In the past months I’ve collected recipes from winemakers, winery owners, and sommeliers throughout the world.
I’ve noticed some trends.
Austrians are very responsive to queries (40 percent), whereas Germans are not (4 percent); Canadians are more so than Californians (30 percent versus 10 percent), while New Zealanders are marginally better than Aussies (17 versus 11 percent). After Canadians and Austrians, South Africans are best at answering questions.
The surprise? How different nationalities measure cooking ingredients. Sure, we all know Americans use volume (cups, ounces, teaspoons) while Brits use weight (grams and milliliters). Italians and Israelis also stick to metric weights, while Australians, New Zealanders and Chileans combine, indiscriminately, both methods in any one recipe (grams for some ingredients, tablespoons or cups for others). It’s the same with South Africans – one recipe will include grams, milliliters, and cups. And Asia? Thai winemakers use weight, while Vietnamese use volume (ah, perhaps the war with Americans had an impact). Canadians use both – though exclusively; some individuals use only weight in one recipe, while others use only volume. Same with the French – weight for most, but volume for others (including well-known Bordeaux winemakers). (For Germans I need Google Translate for recipes, though they appear mostly metric.)
Argentines and Turks are most methodical – they use weight, then convert it to volume for each ingredient. They are Awesome! Cosmopolitan, exact, and polite. You guys (actually, one winery owner, who is also member of an ancient French cooking society in Turkey, and one woman, who not only is a physician who lectures at the University of California in San Francisco, but also owns and runs an Argentinian winery) are fantastic.
There are also other measuring units. Austrians use Dags (decagrams, or 10 grams), whereas some South Africans include punnets.
I noticed some recipes include two bottles of wine – one as an ingredient, the other to drink. Then our buddy Flavio Fenocchio from Piemonte, Italy, recommends slow cooking veal in no less than three bottles of Barolo wine (cannot wait to test drive that recipe).
Some favorite meat ingredients include kangaroo, red deer (“shot wild by Danny, our stockman, in the hills behind Bannockburn“), and a combination of dhufish and squid (“don’t forget to enjoy responsible gulps of Chardonnay throughout the process”). Vegetarian delights include poached plums, sweet pickled daikon, fried cassava, and fresh curry leaves.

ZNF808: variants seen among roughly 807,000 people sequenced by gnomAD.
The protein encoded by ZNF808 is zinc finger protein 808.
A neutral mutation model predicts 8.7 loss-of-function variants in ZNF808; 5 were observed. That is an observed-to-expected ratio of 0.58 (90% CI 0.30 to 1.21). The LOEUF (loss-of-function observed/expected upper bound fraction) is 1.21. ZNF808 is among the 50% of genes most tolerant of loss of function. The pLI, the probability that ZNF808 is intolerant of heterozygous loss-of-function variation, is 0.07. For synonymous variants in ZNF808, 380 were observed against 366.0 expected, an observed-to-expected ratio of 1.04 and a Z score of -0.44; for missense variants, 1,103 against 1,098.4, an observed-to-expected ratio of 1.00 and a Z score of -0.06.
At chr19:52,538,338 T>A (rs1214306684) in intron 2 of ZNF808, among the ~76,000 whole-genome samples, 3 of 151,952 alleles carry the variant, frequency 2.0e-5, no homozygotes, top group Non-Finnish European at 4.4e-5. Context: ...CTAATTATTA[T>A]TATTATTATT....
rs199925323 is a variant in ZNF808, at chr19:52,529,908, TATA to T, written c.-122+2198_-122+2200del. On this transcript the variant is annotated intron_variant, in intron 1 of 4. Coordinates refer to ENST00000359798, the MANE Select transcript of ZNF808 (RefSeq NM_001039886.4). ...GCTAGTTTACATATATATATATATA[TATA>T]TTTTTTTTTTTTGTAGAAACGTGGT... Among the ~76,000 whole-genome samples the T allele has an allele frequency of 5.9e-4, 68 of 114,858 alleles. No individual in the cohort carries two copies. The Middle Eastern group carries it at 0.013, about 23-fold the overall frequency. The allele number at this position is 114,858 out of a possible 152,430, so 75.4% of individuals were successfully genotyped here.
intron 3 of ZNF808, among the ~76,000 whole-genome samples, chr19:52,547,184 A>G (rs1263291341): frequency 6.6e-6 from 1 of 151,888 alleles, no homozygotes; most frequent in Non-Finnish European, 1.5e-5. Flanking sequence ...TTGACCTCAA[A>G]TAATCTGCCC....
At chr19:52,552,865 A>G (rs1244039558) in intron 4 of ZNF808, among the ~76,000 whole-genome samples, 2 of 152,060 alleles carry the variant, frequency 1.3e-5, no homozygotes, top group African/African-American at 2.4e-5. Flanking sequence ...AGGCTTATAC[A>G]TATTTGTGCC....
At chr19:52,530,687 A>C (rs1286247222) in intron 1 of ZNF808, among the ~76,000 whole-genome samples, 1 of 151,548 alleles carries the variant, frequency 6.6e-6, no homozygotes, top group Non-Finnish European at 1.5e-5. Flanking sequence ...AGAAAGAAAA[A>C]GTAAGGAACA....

I do love assembling this book.
This week’s recipe comes from a British Columbian winery – CedarCreek. These organized Canadians also supplied a photo of the dish, and an image of their Executive Chef Jeremy Tucker (who appears rather Heston Blumenthal like, yes?).
Here is the gorgeous recipe:
Shortcake, from Executive Chef Jeremy Tucker of CedarCreek Estate Winery, British Columbia, Canada
Preparation Time and Quantity –
10 minutes to prepare, 12 minutes to cook. Serves 6 to 8 people.
Ingredients and Amounts –
Flour (all purpose) – 1 ½ cups (150 grams)
Baking powder – 1 tablespoon (11 grams)
White sugar – ½ cup (100 grams)
Salt – 1 teaspoon (5 grams)
Butter (melted) – ½ cup (120 ml)
Orange (for zest and juice)– 1
Heavy cream (36%) – 1 cup (240 ml)
Strawberries (or other fruit) – ¾ cup (115 grams)
- Pre-heat oven to 375 degrees Fahrenheit (190 degrees Celsius).
- Combine all dry ingredients in a bowl – flour, baking powder, sugar, salt – and mix evenly.
- Add melted butter, orange zest, and heavy cream.
- Mix into a single ball of dough, using a rubber spatula. Be careful not to over mix.
- Form into 6 to 8 tennis ball size dough balls. Place on a baking sheet.
- Bake for 8 to 12 minutes or until golden brown.
- Remove from heat and let cool while you prepare fruit.
- Cut fruit into bite sized pieces.
- Toss the fruit in a mixing bowl with a pinch of sugar and juice squeezed from zested orange.
Cut the shortcakes in half. Place fruit and whipped cream between each two slices, then serve with a Riesling ice wine or a rosé (such as CedarCreek Platinum Riesling Icewine, or Pinot Noir Rosé).
Cedar Creek wrote –
“Quick and easy to make, this simple yet delicious shortcake is customizable to seasonal fruit.”